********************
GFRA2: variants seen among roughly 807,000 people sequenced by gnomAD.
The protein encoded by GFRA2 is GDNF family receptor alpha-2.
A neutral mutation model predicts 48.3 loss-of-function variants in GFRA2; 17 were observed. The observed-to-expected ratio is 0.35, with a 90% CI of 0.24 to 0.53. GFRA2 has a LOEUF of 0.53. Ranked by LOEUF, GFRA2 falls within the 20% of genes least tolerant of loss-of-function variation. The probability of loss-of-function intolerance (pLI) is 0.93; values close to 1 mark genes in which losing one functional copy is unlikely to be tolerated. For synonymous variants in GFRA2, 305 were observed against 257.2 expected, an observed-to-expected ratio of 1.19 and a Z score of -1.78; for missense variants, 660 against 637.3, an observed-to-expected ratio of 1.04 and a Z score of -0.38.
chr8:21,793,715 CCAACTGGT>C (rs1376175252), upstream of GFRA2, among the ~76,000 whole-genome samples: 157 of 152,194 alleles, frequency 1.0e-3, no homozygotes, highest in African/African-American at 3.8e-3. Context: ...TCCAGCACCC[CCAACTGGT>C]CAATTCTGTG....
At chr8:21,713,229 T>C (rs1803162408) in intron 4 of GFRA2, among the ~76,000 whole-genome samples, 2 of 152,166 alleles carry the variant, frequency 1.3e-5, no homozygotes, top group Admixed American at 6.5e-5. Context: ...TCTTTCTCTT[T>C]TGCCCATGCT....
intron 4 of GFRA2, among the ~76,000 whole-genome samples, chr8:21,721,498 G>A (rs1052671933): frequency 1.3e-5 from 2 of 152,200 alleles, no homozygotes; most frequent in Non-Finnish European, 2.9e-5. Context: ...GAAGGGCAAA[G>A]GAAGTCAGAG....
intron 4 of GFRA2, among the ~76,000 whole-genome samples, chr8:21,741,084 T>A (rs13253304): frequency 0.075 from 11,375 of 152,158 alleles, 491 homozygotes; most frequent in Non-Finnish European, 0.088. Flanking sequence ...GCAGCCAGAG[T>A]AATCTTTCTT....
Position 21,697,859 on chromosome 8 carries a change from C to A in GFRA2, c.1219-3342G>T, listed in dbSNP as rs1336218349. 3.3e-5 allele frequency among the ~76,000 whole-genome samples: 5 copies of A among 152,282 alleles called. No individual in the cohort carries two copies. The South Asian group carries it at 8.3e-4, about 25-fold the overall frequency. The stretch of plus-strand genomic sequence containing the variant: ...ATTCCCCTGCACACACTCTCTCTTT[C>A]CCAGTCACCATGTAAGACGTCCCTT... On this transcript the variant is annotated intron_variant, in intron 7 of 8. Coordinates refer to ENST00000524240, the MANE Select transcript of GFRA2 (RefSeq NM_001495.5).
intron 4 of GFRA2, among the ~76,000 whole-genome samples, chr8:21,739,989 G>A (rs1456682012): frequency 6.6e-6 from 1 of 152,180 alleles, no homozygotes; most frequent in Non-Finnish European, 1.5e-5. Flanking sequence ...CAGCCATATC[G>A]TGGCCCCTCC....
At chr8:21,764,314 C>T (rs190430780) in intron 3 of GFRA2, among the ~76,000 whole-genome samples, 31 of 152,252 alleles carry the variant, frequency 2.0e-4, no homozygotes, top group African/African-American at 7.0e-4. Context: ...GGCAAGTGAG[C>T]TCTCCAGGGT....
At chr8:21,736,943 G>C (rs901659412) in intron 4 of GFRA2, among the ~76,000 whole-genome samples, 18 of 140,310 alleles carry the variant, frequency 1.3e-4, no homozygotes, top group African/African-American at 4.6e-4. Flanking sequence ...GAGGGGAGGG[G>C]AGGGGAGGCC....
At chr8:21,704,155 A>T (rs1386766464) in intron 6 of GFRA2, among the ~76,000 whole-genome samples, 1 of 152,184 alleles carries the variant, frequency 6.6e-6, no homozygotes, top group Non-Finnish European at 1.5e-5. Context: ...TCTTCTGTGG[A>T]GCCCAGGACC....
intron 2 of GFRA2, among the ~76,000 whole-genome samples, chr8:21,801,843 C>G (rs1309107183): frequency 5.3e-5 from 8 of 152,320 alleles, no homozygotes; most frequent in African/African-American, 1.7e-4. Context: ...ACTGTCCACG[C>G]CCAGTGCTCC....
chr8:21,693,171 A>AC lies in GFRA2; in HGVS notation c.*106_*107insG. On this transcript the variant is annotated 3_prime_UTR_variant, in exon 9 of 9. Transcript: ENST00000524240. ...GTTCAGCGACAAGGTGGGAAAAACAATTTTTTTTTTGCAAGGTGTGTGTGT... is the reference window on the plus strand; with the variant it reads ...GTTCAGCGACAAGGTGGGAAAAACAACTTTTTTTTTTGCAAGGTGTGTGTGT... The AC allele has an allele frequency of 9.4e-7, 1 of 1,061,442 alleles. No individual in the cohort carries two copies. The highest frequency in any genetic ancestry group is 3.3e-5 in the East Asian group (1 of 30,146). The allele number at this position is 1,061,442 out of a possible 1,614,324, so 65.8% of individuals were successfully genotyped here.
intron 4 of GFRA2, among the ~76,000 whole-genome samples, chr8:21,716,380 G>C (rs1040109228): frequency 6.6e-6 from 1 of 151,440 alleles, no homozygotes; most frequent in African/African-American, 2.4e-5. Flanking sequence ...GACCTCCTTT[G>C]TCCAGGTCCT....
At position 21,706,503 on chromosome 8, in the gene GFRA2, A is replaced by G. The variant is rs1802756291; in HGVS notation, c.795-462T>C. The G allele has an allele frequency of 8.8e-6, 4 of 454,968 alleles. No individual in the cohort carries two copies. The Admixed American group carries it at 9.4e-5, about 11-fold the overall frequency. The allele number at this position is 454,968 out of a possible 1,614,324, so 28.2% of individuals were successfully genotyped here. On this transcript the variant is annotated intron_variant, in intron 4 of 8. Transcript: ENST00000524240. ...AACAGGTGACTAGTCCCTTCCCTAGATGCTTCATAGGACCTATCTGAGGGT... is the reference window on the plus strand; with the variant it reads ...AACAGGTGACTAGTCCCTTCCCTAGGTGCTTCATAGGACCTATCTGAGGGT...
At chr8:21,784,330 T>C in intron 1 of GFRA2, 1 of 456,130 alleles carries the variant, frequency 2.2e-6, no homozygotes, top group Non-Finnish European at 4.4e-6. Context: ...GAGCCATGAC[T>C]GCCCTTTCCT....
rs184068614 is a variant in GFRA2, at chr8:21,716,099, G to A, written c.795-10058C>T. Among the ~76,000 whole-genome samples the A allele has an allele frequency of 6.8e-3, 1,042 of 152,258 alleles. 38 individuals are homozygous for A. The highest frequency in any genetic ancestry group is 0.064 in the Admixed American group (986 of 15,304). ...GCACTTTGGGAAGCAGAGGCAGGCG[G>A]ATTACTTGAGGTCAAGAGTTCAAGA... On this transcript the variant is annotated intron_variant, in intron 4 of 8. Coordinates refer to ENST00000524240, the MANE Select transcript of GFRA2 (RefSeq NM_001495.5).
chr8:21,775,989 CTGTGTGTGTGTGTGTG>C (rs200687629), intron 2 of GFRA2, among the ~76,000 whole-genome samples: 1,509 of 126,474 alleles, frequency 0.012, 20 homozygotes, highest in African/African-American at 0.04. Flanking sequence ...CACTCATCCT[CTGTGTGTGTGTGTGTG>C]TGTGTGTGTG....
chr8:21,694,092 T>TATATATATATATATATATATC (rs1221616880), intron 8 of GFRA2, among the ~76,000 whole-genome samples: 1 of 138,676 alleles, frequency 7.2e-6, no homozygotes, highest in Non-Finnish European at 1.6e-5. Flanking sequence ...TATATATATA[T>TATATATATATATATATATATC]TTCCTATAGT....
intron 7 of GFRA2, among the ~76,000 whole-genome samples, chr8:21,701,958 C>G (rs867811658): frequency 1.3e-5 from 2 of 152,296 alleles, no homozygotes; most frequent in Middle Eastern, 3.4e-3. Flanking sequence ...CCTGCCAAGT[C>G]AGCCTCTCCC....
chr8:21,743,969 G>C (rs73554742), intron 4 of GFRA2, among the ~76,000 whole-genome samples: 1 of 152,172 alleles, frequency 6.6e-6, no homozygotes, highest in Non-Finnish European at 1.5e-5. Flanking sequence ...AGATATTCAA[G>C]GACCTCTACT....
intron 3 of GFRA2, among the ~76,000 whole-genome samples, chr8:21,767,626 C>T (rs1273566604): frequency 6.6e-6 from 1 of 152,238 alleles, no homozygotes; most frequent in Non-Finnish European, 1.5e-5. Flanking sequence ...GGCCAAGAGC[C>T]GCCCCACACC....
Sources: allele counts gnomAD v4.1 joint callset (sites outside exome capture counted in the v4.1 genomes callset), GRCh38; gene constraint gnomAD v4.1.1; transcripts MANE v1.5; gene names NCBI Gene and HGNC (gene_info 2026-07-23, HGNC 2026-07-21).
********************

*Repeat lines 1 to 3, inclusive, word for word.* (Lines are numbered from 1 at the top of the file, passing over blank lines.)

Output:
GFRA2: variants seen among roughly 807,000 people sequenced by gnomAD.
The protein encoded by GFRA2 is GDNF family receptor alpha-2.
A neutral mutation model predicts 48.3 loss-of-function variants in GFRA2; 17 were observed. The observed-to-expected ratio is 0.35, with a 90% CI of 0.24 to 0.53. GFRA2 has a LOEUF of 0.53. Ranked by LOEUF, GFRA2 falls within the 20% of genes least tolerant of loss-of-function variation. The probability of loss-of-function intolerance (pLI) is 0.93; values close to 1 mark genes in which losing one functional copy is unlikely to be tolerated. For synonymous variants in GFRA2, 305 were observed against 257.2 expected, an observed-to-expected ratio of 1.19 and a Z score of -1.78; for missense variants, 660 against 637.3, an observed-to-expected ratio of 1.04 and a Z score of -0.38.